chapter  4
12 Pages

Said . . . Bloom . . . Vico

WithGRAHAM ALLEN

That Edward Said was willing in the 1970s to be so positive towards the work of Harold Bloom might strike today’s readers as something of an oddity. Certainly, readers of Said’s posthumous Humanism and Democratic Criticism will be surprised that Said ever had anything particularly positive to say about Bloom. There, Said refers to what he calls Bloom’s ‘tiresome vatic trumpetings’ and goes on to make various other negative comments on Bloom’s style of public presentation.1 Things were not always so. In an interview published in Diacritics in 1976, Said is very clear on the importance that Bloom had on his early thinking and particularly on the germination of his seminal work, Beginnings.2 Referring to his fi rst encounter with Bloom’s criticism, ‘in its mature form,’ Said writes,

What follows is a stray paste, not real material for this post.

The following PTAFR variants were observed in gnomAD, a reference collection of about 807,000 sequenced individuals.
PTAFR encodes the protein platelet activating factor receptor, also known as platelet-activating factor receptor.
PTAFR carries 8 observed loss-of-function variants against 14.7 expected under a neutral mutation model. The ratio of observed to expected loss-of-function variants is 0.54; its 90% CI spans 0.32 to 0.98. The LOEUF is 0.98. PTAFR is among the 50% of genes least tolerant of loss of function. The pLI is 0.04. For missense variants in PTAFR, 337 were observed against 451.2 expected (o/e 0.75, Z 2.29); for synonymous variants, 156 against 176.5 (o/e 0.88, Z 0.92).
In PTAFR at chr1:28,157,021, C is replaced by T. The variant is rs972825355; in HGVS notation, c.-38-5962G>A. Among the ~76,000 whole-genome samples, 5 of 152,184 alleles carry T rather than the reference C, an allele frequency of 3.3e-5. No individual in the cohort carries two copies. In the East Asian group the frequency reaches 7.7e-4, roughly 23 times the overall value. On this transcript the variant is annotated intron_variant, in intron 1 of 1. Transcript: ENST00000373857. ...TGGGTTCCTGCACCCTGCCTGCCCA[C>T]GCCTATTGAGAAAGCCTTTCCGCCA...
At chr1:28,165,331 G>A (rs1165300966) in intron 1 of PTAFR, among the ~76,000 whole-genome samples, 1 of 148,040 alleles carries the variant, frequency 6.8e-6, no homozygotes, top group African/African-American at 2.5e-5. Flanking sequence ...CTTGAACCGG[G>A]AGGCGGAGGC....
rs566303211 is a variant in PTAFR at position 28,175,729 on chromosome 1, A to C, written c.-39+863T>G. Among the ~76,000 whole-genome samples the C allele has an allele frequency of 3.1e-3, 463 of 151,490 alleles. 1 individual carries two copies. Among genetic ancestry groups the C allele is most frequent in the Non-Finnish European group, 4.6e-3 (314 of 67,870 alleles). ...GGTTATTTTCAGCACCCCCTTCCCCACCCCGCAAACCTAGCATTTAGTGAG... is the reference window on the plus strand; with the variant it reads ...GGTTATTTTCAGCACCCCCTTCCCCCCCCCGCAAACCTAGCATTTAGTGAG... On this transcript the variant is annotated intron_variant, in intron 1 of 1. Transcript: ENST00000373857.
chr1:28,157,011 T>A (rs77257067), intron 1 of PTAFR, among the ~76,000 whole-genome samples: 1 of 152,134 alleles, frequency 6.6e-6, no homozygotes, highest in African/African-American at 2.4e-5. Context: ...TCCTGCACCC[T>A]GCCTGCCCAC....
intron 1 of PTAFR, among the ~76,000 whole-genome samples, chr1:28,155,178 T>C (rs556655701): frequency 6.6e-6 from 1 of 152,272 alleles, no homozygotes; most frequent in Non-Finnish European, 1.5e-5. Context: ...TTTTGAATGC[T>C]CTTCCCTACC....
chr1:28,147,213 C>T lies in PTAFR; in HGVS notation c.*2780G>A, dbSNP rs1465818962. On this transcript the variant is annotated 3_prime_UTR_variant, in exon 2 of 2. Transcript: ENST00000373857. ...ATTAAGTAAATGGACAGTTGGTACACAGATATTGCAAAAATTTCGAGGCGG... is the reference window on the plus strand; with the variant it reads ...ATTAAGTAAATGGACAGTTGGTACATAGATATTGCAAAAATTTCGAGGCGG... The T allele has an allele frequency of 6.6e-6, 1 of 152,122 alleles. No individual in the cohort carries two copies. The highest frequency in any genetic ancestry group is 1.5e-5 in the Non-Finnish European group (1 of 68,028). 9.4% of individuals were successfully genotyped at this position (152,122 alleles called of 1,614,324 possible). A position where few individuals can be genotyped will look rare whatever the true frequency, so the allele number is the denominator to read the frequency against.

My whole interest in beginnings and origins suddenly acquired a new dimension for me, and many confi rmations . . . . Most of all, I was impressed with the way Bloom showed that creation was a form of dealing with the past, redoing it in an original or beginning way, so to speak, and since I was a devoted student of Vico the discovery of themes like knowing is making, and the heroism of early poets, in Bloom was quite an experience.3